Linley Newsletter: July 20, 2017

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Linley Newsletter

(Formerly Processor Watch, Linley Wire, and Linley on Mobile)
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Issue #557
July 20, 2017

Independent Analysis of Microprocessors and the Semiconductor Industry

Editor: Tom R. Halfhill
Contributors: Linley Gwennap, David Kanter, Loring Wirbel

In This Issue:

- Skylake-SP Scales Server Systems
- Xeon Scalable Reshapes Server Line
- Snapdragon 450 Moves to 14nm
- Achronix Turns to Embedded FPGAs

Coming Soon:
"A Guide to Ethernet Switch and PHY Chips" (13th Edition)

We are wrapping up our new report "A Guide to Ethernet Switch and PHY Chips" (13th Edition) by principal analyst Bob Wheeler and senior analyst Loring Wirbel.

This report provides extensive coverage of Ethernet switch chips for data centers, including those for 10G, 25G, 50G, 100G, and 400G Ethernet. It also includes physical-layer (PHY) chips for 10GBase-T and 100G Ethernet. Vendors covered include Barefoot Networks, Broadcom, Cavium, Centec, Innovium, Intel, Marvell, Mellanox, and Nephos (Mediatek), as well as PHY vendors Aquantia and Inphi.

New coverage in this edition:

- Broadcom's Tomahawk II, Trident 3, and Jericho+ Ethernet switch chips;

- Marvell's Bobcat 3 25G Ethernet switch;

- Barefoot Networks' Tofino programmable switch;

- Innovium's 12.8Tbps Teralynx switch;

- Cavium's Xpliant programmable switch;

- Updated 2016 market size and vendor shares for GbE switch chips, 10GbE switch chips, and 10GbE PHYs;

- Updated market forecasts for GbE through 100GbE switch chips as well as 10GbE and 100GbE PHYs, 2016-2021.

Special Offers!

We can offer you a pre-publication discount of $500 off the regular corporate license of $5,995, or $300 off the regular single-copy license of $4,495. Offers expire on July 28, 2017.

The preliminary table of contents and additional information can be found on our web site:

For more information or to order the report, please email us at

Skylake-SP Scales Server Systems
By David Kanter

Over the last 25 years, Intel has gradually shifted from reusing client processors in the data center to designing server-centric platforms. The new Purley platform and 14nm+ Skylake-SP processor are the final stage of this evolution, as they fully differentiate server processors from client processors. Instead of simply reusing the client CPU and extending the client ring fabric to greater core counts, Intel extensively modified the CPU to boost performance on server workloads.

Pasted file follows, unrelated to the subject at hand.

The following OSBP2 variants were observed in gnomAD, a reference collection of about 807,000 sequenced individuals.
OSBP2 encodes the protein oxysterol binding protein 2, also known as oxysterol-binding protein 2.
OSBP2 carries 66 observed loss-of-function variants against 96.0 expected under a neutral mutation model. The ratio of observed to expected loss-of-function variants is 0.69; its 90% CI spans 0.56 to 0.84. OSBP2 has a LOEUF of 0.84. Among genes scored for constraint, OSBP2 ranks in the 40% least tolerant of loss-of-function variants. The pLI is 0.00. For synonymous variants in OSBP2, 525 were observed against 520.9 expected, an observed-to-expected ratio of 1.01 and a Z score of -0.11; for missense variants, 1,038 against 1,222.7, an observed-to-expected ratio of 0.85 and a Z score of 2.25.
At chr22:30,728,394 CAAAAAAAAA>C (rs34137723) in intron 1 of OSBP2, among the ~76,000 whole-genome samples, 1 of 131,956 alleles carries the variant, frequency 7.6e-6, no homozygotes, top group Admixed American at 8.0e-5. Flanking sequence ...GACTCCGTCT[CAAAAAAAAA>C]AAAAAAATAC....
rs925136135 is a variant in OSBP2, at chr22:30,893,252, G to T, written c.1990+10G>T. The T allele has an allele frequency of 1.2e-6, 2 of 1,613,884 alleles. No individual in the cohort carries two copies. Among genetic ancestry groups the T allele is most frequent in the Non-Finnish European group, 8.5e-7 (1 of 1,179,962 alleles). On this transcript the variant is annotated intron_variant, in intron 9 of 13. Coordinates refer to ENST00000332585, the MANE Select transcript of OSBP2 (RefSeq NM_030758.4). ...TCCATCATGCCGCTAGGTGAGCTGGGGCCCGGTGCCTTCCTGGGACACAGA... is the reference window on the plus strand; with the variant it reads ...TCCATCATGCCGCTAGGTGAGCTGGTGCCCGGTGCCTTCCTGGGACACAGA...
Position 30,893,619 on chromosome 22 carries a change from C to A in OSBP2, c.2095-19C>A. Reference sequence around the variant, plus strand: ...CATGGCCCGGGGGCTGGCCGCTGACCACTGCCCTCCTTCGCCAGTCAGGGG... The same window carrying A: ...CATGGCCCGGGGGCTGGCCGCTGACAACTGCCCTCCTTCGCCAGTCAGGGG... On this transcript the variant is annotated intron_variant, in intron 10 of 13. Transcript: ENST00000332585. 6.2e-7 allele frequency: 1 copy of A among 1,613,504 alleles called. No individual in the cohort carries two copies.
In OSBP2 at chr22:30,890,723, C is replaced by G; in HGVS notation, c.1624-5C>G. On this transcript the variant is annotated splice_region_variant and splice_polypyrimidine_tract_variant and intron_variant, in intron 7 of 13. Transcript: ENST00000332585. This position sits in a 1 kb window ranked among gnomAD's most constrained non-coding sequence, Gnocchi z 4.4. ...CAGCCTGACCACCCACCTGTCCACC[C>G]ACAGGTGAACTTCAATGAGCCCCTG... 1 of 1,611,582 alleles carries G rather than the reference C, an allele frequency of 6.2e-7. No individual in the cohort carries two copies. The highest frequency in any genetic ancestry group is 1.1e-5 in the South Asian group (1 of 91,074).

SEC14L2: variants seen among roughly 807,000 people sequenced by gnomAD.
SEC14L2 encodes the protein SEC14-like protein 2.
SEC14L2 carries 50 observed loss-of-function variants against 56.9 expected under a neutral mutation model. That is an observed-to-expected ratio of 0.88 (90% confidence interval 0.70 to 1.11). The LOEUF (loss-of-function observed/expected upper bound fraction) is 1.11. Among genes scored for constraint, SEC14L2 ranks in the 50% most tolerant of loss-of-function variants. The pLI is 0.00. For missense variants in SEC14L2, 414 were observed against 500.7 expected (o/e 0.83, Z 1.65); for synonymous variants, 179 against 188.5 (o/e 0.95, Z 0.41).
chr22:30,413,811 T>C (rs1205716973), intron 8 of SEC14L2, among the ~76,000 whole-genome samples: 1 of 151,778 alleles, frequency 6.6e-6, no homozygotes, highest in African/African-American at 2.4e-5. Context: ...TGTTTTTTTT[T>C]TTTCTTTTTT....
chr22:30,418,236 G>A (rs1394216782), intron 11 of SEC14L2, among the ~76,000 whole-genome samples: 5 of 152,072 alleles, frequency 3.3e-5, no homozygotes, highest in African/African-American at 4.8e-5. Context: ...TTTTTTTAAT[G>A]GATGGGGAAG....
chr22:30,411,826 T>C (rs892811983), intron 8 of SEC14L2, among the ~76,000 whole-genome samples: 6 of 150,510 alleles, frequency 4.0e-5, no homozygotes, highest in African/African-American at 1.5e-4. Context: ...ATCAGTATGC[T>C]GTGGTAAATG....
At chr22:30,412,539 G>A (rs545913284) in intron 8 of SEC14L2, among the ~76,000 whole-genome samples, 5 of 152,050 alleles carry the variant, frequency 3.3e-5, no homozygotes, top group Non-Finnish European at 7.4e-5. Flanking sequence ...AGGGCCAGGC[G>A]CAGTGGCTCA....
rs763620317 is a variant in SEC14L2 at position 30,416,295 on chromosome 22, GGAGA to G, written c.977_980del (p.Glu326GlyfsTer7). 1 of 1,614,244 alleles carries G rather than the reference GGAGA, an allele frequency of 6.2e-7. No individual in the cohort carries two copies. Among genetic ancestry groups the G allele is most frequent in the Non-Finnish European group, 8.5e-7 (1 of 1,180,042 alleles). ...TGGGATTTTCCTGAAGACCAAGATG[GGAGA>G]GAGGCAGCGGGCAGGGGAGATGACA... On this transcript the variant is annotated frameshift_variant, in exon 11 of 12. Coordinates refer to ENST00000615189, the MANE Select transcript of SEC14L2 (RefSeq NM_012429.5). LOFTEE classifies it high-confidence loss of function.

The Skylake-SP CPU core clearly descends from the Skylake client core, but it boasts a larger 1MB L2 cache and AVX-512 support, including 512-bit-wide vector units. The new on-die mesh fabric no longer resembles the lower-bandwidth client ring fabric, and the L3 cache is noninclusive with smaller 1.375MB slices. Similarly, the memory and I/O controllers provide greater performance and connectivity. Skylake-SP also has the new Ultra Path Interconnect (UPI), a coherent system interface that's faster and more efficient than the client's Quick Path Interconnect (QPI). The server processor targets 70-205W TDPs, barely overlapping those of PC processors.

Living up to its name, Intel is integrating more pieces of the system architecture. Like Xeon Phi, Skylake-SP offers in-package Omni-Path adapters for high-performance computing (HPC). In addition, the Lewisburg south-bridge chip (platform-controller hub, or PCH) has 10G Ethernet (10GbE) and Non-Volatile Memory Express (NVMe) controllers. At the same time, Skylake-SP will bring heterogeneous computing to mainstream servers. Intel can integrate accelerators such as FPGAs and Nervana neural-network accelerators in the processor package, and the south bridge comes with dedicated cryptography and compression hardware.

Skylake-SP is designed for a range of server tasks, including cloud services, enterprise applications, HPC, storage, and networking. It covers a wide range in performance, power, and price. Furthermore, the new platform delivers a substantial performance boost without requiring a process shrink to increase transistor density.

Microprocessor Report subscribers can access the full article:

Xeon Scalable Reshapes Server Line
By David Kanter

The new Xeon Scalable processors (formerly Skylake-SP) cover a lot of ground, from low-end servers to high-performance-computing (HPC) designs. To capture the breadth of new offerings, Intel has rolled out a new branding scheme that replaces the Xeon E5 and E7 with five families of increasing capabilities and prices, ranging from $200 "Bronze" processors to $13,000 "Platinum" processors. For the premium models, the new Xeon promises 35-70% greater performance on certain workloads.

Naturally, Intel hopes this new lineup will entice customers to buy more-expensive products. It's reserving for the top tiers many of the most interesting new features, such as additional AVX-512 execution units and integrated Omni-Path fabric. This restriction, however, will unfortunately limit adoption of some of these features, especially AVX-512. Intel is also taking the opportunity to charge a price premium for models with high memory capacity.